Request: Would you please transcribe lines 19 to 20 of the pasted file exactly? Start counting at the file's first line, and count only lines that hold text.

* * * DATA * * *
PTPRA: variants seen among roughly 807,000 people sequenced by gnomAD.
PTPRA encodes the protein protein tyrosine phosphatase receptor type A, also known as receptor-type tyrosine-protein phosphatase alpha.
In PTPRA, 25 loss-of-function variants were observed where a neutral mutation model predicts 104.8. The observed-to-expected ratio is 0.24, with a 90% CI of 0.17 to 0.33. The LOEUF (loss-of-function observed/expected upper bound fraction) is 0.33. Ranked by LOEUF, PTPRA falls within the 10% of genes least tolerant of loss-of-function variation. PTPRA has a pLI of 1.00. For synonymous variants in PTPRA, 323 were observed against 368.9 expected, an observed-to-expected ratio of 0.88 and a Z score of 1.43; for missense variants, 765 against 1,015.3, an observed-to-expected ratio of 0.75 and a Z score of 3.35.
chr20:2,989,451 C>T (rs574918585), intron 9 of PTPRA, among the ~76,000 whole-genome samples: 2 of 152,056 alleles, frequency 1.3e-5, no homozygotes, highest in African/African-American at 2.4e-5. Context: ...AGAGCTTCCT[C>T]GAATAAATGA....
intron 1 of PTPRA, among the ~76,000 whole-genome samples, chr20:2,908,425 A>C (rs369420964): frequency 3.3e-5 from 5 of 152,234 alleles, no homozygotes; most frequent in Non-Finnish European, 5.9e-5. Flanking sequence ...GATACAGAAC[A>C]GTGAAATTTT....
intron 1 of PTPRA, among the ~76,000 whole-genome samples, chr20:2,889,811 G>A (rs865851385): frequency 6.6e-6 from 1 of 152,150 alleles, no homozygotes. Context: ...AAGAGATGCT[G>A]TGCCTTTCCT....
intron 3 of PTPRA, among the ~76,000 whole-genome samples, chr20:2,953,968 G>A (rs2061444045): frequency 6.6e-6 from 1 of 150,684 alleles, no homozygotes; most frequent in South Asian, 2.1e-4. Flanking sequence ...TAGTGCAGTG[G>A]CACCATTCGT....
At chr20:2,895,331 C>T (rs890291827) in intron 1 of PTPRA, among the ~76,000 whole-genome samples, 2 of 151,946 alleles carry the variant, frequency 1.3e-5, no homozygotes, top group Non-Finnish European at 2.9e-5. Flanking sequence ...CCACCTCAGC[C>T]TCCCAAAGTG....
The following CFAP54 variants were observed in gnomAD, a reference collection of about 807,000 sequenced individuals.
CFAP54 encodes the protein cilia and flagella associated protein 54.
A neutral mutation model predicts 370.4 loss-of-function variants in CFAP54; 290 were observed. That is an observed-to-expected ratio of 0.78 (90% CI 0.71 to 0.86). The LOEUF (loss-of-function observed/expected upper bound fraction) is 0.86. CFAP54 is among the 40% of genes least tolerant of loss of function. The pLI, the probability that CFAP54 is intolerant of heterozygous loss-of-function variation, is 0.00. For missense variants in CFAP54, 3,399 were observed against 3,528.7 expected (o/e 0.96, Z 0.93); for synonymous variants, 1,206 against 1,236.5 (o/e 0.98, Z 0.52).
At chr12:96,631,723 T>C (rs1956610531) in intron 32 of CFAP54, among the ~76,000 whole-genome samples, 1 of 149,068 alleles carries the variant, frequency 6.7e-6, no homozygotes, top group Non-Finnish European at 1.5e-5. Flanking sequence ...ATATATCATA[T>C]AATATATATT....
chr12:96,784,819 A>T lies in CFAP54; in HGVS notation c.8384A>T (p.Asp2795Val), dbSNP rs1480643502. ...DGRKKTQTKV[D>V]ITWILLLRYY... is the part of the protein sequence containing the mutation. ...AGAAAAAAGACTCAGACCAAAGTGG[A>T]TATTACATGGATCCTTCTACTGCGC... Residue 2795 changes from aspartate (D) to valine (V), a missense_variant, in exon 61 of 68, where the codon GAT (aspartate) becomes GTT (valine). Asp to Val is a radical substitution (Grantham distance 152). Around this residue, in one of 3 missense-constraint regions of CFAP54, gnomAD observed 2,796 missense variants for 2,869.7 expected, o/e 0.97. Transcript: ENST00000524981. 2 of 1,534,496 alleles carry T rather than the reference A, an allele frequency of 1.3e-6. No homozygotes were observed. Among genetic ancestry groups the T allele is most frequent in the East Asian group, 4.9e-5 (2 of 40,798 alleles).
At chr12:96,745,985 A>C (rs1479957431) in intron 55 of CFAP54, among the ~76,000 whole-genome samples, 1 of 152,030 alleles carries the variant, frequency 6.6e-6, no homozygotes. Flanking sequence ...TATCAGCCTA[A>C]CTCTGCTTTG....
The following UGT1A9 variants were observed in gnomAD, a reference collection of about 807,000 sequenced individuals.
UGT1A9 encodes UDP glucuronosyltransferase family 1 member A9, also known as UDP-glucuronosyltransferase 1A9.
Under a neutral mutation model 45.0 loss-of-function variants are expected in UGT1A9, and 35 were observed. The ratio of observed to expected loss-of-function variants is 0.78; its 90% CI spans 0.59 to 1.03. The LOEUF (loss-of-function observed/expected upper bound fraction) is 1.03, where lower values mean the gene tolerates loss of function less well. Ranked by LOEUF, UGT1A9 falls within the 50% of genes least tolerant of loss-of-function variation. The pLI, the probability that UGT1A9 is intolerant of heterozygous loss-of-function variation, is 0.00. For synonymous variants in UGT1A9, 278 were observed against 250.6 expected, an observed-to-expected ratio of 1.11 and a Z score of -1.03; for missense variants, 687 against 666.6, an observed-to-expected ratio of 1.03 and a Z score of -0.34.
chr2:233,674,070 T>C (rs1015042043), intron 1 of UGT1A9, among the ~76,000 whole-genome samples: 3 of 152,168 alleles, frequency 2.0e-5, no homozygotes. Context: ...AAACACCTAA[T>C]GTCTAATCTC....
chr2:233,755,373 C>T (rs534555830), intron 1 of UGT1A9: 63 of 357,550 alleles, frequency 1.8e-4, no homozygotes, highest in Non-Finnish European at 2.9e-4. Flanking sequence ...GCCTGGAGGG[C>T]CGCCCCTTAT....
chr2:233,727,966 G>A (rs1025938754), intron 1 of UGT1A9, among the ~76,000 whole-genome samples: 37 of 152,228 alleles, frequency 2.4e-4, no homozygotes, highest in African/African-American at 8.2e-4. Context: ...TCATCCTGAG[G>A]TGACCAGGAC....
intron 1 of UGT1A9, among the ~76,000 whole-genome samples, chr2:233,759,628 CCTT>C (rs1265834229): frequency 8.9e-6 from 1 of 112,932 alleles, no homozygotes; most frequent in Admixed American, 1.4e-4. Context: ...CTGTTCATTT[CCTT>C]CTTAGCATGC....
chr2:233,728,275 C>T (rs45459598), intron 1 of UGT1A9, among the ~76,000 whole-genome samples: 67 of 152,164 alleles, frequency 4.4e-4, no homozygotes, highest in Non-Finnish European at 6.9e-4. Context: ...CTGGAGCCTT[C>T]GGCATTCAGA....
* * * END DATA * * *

chr2:233,755,373 C>T (rs534555830), intron 1 of UGT1A9: 63 of 357,550 alleles, frequency 1.8e-4, no homozygotes, highest in Non-Finnish European at 2.9e-4. Flanking sequence ...GCCTGGAGGG[C>T]CGCCCCTTAT....
chr2:233,727,966 G>A (rs1025938754), intron 1 of UGT1A9, among the ~76,000 whole-genome samples: 37 of 152,228 alleles, frequency 2.4e-4, no homozygotes, highest in African/African-American at 8.2e-4. Context: ...TCATCCTGAG[G>A]TGACCAGGAC....